magnetic sculptures
April 14, 2010 2:27 PM   Subscribe

Robert Hodgin's Magnetic sculptures: "These forms are created with cylinder magnets, spherical magnets, and ball bearings. Magnetism is the only thing holding the forms together. They are fairly fragile and picking them up will likely crush them. All of the forms I created were variations of the 12 sided dodecahedron. This particular platonic solid seems to be the form the magnets are happiest with." [via]
posted by dhruva (11 comments total) 12 users marked this as a favorite
How do they work?
posted by mullingitover at 2:43 PM on April 14, 2010 [7 favorites]

It's Platonic, like Plato's Retreat. So I think they work via fucking.
posted by adipocere at 2:50 PM on April 14, 2010

you could even sing this post's tags to the tune of that new ICP song.
posted by gman at 2:57 PM on April 14, 2010 [1 favorite]

i buy rare eath on occasion... anybody have other suggestions?
posted by wackoacko at 3:09 PM on April 14, 2010

Can a magnet really be happy? I mean, I thought they were all bipolar.
posted by kuujjuarapik at 3:09 PM on April 14, 2010 [2 favorites]

I was looking at video earlier of a guy making bubble icosahedrons with rare earth magnets.
posted by cropshy at 3:18 PM on April 14, 2010 [1 favorite]

I sometimes buy peculiarly-shaped magnets on eBay from one particular supplier. Oh, you funky cone magnets — so fragile, pointy, and powerful! You might try that. Supposedly, the finger-fitting rings are good for magic tricks. Get some ferrofluid and viewing film. Amazing Magnets are fairly decent, too. If you place one of their neodymium lovelies on a low friction surface, you can make it wiggle with another magnet about a meter off. A meter, for something so small. The weight of the whole Earth pulls against one of these magnets, yet a tiny shiny bit of allow can best gravity with a twitch of the wrist, such is the awesome power of EM forces.

I have an unhealthy obsession with some magnets, in particular the hideous, large ones from United Nuclear. Scroll down. Can you imagine one of those deadly hockey pucks suddenly soaring across the room, heading straight for its twin, only to mash any flesh together between them, then shatter into a cloud of sharp fragments, madly whirling due to the unpredictable interplay of rotational inertia and electromagnetic fields dancing about? The text might as well read STRONG ENOUGH TO OBLITERATE A CHILD'S HAND!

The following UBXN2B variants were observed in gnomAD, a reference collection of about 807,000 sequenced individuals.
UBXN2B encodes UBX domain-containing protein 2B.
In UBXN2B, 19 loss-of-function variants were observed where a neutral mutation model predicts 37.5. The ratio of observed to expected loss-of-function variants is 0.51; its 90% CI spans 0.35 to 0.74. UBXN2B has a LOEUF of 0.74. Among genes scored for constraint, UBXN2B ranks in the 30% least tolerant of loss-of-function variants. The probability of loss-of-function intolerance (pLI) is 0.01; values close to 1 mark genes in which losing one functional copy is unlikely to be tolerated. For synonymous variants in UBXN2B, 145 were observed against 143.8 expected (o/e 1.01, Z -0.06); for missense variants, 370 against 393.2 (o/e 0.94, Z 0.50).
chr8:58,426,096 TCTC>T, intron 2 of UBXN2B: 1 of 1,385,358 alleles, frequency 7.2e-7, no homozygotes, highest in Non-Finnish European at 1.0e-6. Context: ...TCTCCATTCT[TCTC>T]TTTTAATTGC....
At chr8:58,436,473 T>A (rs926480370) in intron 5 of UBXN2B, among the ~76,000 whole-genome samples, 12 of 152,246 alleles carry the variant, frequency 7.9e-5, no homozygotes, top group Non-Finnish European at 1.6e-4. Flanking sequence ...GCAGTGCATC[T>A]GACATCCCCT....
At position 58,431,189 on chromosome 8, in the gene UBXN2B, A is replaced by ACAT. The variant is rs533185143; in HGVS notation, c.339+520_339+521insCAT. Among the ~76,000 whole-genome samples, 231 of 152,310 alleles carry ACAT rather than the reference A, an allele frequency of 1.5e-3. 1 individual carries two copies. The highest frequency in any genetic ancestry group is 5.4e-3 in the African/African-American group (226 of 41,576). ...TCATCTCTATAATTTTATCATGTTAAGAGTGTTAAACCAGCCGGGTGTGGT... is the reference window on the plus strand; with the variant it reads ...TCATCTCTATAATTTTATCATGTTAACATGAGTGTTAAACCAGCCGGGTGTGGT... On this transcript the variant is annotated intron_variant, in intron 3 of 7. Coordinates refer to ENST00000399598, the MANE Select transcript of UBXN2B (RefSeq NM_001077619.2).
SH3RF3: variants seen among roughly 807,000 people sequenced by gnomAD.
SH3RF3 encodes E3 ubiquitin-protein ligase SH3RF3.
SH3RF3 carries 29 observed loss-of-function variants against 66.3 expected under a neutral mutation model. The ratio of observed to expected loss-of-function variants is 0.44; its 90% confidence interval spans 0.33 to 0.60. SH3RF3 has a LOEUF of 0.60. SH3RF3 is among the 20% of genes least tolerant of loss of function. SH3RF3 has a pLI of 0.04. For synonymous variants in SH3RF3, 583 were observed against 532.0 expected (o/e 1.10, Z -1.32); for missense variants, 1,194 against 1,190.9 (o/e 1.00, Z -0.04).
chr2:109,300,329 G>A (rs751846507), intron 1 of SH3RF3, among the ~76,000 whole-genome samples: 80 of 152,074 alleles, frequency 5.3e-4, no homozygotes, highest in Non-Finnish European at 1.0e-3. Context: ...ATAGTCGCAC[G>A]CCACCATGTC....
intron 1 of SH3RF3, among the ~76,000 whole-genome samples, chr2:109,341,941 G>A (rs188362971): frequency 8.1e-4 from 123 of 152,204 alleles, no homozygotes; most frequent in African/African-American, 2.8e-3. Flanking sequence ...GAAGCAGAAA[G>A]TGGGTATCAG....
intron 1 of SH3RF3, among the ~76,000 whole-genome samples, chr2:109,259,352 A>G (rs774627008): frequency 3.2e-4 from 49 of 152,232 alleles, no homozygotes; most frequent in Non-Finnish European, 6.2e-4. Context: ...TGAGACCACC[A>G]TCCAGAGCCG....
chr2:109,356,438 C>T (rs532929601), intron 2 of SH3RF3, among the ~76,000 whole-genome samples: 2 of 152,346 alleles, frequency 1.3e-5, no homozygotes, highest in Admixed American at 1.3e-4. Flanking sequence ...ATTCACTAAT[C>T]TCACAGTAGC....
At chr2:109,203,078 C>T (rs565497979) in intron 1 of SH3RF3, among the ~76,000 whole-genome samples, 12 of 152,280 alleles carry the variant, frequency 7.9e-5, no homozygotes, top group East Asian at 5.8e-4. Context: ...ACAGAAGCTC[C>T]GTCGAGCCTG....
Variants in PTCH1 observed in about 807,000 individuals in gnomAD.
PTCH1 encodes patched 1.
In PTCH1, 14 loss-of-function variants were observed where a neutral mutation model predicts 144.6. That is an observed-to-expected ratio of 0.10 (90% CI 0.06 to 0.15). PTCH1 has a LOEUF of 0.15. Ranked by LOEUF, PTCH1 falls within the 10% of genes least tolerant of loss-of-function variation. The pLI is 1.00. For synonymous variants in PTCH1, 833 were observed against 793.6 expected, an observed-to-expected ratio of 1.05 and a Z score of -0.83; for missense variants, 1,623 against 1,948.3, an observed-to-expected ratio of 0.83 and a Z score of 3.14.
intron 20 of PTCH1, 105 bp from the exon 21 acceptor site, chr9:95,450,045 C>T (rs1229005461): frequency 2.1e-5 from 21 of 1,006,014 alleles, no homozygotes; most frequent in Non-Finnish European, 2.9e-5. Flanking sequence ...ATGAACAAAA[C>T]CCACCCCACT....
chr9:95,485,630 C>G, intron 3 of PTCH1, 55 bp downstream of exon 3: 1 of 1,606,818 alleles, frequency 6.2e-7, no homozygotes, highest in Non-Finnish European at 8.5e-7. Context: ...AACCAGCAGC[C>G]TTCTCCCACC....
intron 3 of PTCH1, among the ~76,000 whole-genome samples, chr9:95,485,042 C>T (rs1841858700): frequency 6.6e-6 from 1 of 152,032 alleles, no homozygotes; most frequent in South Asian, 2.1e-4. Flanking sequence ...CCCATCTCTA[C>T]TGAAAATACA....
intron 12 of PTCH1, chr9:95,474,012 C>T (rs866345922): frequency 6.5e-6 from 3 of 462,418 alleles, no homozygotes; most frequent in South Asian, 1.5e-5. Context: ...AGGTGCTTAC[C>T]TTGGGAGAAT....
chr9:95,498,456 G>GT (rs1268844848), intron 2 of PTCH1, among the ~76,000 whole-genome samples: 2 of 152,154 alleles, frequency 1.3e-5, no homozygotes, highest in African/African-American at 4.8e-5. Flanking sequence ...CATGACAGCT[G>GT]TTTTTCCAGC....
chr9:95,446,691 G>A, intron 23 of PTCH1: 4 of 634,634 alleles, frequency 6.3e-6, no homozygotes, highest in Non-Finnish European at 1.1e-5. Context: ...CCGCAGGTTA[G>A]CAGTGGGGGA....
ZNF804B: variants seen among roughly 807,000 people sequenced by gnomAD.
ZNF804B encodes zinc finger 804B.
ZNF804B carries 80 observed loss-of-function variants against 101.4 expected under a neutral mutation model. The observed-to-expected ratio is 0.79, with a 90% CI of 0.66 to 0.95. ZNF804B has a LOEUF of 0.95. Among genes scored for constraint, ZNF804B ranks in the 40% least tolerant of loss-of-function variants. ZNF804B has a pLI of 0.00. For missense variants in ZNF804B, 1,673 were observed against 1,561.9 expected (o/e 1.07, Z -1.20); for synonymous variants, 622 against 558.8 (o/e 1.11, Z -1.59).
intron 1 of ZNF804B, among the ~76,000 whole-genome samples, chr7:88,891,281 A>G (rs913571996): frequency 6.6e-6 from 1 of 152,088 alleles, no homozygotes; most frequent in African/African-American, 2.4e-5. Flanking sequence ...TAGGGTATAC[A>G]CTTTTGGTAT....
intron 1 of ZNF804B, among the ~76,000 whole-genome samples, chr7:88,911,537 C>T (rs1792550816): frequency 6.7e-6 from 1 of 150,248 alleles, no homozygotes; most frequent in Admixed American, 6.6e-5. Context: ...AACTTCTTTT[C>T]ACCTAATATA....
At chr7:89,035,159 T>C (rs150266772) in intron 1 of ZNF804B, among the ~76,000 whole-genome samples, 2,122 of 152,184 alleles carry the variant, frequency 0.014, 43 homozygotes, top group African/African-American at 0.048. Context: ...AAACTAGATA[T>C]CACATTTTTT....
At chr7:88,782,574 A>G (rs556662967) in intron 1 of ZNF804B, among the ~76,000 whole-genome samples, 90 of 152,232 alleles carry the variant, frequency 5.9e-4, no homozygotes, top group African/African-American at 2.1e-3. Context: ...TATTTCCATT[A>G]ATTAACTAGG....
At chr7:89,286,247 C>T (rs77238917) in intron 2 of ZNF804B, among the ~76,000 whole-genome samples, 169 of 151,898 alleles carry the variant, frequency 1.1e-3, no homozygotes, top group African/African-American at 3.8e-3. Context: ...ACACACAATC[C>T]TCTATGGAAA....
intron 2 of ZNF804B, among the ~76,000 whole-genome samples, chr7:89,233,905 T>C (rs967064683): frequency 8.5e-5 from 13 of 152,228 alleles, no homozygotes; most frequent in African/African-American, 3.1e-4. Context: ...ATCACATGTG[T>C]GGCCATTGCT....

I feel like an Algernon Blackwood protagonist, knowing that I ought not to mess with forces beyond my ability to control, and yet I want to buy two of them. So far, only the price has kept me safe.
posted by adipocere at 3:22 PM on April 14, 2010 [4 favorites]

posted by sexyrobot at 3:24 PM on April 14, 2010

i buy rare eath on occasion... anybody have other suggestions?

I see that the ones I have are labeled Magcraft, they are nice, good packaging. He must have developed some pretty specialized techniques. I find that one wrong move and, snap!, all the magnets have rearranged themselves into a single long line. Either that, or one goes shooting across the room.
posted by StickyCarpet at 4:07 PM on April 14, 2010

I think one of his specialized techniques is that the center nodes are non-magnetic ball bearings, so there isn't the problem of reverse polarity.
posted by kuujjuarapik at 5:03 PM on April 14, 2010

I saw these in person a couple months ago and had to strongly resist the urge to SQUEEZE them.
posted by oneirodynia at 7:20 PM on April 14, 2010

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